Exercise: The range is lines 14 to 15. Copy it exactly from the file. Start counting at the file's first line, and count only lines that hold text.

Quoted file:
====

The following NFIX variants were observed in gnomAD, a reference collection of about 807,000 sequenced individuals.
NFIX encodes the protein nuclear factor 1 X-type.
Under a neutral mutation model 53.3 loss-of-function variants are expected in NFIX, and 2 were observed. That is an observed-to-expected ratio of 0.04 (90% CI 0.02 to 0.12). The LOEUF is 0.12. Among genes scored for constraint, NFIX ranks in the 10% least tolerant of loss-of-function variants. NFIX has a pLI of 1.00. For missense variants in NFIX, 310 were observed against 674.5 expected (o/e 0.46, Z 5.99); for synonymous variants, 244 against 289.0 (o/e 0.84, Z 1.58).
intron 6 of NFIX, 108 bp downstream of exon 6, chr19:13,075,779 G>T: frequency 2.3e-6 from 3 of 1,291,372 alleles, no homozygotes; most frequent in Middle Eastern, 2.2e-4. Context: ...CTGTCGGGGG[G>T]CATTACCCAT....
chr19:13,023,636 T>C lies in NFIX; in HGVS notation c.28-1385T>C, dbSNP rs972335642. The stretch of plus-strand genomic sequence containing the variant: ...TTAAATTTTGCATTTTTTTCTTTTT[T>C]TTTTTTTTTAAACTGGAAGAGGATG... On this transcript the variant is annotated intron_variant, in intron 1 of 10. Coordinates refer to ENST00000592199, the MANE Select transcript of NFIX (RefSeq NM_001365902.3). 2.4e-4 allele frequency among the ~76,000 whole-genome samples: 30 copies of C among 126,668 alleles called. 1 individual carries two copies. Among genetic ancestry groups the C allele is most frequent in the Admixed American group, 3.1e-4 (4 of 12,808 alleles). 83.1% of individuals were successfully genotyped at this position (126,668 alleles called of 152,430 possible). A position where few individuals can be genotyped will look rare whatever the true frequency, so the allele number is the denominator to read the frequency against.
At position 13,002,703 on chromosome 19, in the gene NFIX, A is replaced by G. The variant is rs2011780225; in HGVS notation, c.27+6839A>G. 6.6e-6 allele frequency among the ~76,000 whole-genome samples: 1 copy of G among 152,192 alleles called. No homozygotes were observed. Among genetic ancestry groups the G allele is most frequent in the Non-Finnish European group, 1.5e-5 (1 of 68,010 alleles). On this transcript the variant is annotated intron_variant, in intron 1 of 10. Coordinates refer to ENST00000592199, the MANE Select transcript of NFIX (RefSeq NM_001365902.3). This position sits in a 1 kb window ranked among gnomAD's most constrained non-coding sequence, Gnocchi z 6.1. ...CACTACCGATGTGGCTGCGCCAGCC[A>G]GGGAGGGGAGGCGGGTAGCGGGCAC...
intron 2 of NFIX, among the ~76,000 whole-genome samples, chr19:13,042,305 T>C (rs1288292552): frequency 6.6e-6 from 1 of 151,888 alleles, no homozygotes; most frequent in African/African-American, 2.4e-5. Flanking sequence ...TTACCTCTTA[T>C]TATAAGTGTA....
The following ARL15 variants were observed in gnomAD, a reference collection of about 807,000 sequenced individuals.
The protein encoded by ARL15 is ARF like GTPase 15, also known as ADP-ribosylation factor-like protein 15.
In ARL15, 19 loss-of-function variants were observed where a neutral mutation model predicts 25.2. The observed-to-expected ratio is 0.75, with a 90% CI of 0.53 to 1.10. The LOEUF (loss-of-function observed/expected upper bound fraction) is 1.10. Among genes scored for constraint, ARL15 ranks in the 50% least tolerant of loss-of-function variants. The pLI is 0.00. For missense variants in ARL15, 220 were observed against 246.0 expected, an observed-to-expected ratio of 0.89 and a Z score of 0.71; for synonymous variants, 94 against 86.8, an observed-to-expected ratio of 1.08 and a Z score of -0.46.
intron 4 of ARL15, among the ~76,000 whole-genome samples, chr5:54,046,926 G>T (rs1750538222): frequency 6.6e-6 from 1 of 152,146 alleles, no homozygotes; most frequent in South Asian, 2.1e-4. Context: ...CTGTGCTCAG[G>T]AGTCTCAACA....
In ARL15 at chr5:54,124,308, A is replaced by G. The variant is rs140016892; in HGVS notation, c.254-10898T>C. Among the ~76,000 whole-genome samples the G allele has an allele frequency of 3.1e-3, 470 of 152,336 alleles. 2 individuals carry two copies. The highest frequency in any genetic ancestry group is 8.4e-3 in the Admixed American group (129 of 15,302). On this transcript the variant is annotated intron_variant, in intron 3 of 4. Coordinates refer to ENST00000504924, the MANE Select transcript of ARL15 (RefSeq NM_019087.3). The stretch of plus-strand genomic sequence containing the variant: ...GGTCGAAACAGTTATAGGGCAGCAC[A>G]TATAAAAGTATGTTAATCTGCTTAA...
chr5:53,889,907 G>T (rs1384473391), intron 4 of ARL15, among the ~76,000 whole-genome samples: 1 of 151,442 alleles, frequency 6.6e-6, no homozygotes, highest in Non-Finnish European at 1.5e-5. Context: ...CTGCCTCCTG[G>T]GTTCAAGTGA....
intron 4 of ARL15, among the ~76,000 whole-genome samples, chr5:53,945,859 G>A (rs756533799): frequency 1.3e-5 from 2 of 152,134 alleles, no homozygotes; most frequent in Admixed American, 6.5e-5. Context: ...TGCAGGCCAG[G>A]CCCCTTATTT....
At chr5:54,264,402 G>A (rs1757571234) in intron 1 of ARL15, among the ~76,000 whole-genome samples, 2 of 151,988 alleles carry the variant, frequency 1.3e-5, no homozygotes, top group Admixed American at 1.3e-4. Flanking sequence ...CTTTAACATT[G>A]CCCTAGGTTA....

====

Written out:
intron 4 of ARL15, among the ~76,000 whole-genome samples, chr5:53,945,859 G>A (rs756533799): frequency 1.3e-5 from 2 of 152,134 alleles, no homozygotes; most frequent in Admixed American, 6.5e-5. Context: ...TGCAGGCCAG[G>A]CCCCTTATTT....
At chr5:54,264,402 G>A (rs1757571234) in intron 1 of ARL15, among the ~76,000 whole-genome samples, 2 of 151,988 alleles carry the variant, frequency 1.3e-5, no homozygotes, top group Admixed American at 1.3e-4. Flanking sequence ...CTTTAACATT[G>A]CCCTAGGTTA....